Hosting on Airbnb is a great way to earn extra money, but delivering a great experience to guests requires a significant amount of time and effort. That’s why Airbnb has long offered their co-hosting program, that enables property owners and renters to share hosting responsibilities with trusted individuals.
In order to make co-hosting simpler for Airbnb hosts, the company enabled property owners/renters to split payouts to co-hosts without sharing bank account details and other sensitive information.
Although it was a great tool for many, Airbnb removed the co-host split payment functionality on August 1, 2018. Why? The main reason is concerns over scalability. The system worked well at first with relatively low transaction volumes, but as Airbnb co-hosting became more popular, the code powering the payment platform had to be rebuilt.
In their public announcement on the program, rather than Airbnb saying that they’re going to restore split payments, the company instead announced they’re working to develop a new feature to be announced down the road.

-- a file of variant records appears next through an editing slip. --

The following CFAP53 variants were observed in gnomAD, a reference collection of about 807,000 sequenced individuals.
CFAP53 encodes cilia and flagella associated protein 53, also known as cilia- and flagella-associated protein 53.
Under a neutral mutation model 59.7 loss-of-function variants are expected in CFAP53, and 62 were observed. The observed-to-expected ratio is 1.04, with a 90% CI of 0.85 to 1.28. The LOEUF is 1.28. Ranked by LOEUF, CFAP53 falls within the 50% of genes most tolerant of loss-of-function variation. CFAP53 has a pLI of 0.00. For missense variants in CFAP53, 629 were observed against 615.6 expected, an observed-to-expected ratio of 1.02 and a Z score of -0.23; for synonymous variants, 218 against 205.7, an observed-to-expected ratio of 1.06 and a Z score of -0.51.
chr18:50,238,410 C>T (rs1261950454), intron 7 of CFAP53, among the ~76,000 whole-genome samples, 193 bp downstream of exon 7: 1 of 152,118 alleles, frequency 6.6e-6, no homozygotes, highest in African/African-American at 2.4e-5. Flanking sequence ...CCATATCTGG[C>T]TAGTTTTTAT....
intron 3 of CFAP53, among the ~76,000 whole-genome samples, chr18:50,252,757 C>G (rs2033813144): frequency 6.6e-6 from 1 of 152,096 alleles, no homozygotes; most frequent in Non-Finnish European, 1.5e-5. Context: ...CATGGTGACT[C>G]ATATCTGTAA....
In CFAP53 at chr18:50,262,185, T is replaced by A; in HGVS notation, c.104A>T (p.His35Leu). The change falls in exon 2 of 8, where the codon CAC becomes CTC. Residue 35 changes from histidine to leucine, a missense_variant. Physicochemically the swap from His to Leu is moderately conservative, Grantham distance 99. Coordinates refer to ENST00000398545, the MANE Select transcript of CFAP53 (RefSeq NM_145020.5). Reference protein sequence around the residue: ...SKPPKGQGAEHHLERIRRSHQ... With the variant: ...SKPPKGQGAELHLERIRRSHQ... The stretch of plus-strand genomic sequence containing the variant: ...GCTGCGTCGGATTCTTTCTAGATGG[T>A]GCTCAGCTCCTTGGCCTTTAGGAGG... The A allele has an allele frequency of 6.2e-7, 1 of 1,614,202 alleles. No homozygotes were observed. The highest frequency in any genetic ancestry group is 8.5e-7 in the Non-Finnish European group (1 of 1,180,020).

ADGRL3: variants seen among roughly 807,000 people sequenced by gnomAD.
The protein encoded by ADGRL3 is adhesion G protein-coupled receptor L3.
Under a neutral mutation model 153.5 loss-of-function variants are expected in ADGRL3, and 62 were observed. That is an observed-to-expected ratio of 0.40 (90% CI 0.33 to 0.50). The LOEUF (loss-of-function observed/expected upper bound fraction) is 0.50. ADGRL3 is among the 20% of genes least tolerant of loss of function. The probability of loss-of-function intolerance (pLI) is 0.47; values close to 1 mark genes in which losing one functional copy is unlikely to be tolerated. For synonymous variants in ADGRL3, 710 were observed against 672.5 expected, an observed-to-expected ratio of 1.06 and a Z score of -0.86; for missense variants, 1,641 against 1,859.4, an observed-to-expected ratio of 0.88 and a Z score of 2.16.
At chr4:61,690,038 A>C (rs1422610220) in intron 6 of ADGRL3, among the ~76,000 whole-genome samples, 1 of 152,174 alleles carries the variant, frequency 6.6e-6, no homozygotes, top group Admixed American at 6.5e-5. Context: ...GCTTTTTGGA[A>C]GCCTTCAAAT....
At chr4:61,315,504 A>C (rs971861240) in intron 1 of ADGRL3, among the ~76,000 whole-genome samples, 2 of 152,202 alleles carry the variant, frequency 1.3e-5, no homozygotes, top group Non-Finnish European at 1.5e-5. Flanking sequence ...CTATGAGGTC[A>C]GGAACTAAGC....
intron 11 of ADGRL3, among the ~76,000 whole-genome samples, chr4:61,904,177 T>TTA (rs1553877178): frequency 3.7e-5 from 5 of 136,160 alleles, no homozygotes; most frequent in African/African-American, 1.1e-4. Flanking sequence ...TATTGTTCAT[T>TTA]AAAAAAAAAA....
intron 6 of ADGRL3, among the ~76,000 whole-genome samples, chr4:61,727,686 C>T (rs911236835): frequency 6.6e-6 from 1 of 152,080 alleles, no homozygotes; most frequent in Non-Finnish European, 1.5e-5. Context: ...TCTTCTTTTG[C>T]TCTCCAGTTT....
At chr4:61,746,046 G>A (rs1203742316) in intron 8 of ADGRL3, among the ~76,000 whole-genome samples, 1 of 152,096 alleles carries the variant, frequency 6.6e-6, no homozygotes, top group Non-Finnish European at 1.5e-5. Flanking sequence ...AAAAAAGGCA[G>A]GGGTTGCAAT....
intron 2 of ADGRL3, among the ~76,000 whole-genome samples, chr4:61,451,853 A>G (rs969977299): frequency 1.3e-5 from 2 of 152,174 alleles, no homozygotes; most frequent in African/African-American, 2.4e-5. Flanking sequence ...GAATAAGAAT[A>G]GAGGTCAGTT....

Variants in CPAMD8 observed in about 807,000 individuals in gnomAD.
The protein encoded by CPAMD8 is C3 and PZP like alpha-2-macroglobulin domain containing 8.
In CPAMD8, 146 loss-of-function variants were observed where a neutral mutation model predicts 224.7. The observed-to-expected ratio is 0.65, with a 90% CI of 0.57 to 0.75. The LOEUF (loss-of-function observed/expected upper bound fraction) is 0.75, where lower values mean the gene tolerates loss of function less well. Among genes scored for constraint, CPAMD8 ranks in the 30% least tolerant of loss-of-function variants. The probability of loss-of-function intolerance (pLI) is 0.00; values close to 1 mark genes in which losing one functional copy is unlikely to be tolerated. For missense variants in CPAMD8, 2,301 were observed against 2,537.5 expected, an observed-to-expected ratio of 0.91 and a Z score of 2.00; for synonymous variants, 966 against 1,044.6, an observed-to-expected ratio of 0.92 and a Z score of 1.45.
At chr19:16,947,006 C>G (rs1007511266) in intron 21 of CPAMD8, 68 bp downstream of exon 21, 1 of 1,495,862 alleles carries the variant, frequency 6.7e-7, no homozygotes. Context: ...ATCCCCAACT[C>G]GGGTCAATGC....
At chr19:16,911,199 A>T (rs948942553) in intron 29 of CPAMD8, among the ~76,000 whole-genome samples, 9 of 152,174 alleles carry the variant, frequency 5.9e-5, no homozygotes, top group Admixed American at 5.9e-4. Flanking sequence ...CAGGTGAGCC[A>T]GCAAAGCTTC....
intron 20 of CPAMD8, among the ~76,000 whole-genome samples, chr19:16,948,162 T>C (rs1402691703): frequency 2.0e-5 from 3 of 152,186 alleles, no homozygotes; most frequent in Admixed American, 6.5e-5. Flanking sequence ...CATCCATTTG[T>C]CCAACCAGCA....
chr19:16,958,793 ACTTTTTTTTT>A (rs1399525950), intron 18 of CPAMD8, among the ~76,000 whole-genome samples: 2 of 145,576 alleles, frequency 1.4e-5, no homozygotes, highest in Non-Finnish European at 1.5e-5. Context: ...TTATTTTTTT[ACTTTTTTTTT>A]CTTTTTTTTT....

Shortly after making this announcement, Airbnb teamed up with London based property management company Air Agents to open a pop-up shop for all things related to short-term rentals.
So, what does this mean for the average Airbnb host? Is Airbnb going to get in the property management space though these partnerships? Are they looking to make an acquisition? Unfortunately we don’t have official answers to those questions, but our guts are telling us more partnerships are going to occur.
Why? Well, as we mentioned in our article about Airbnb Plus, one of the biggest challenges Airbnb faces is scaling their quality control operations. Hiring people to inspect Airbnb listings across the globe is logistically difficult. It’s much easier for Airbnb to have third-parties handle the nitty gritty of hosting, so they can focus on enhancing the platform as a whole.
Note that Airbnb hasn’t eliminated co-hosting from the platform all together – they just removed the ability to split payments across Airbnb accounts. If you’re an Airbnb host that doesn’t want to manually issue payments to co-hosts, Airbnb still supports multiple payment profiles within a single account. The one downside to this method is that co-hosts need to provide their payment information directly to the primary host, or they have to control the master account all together.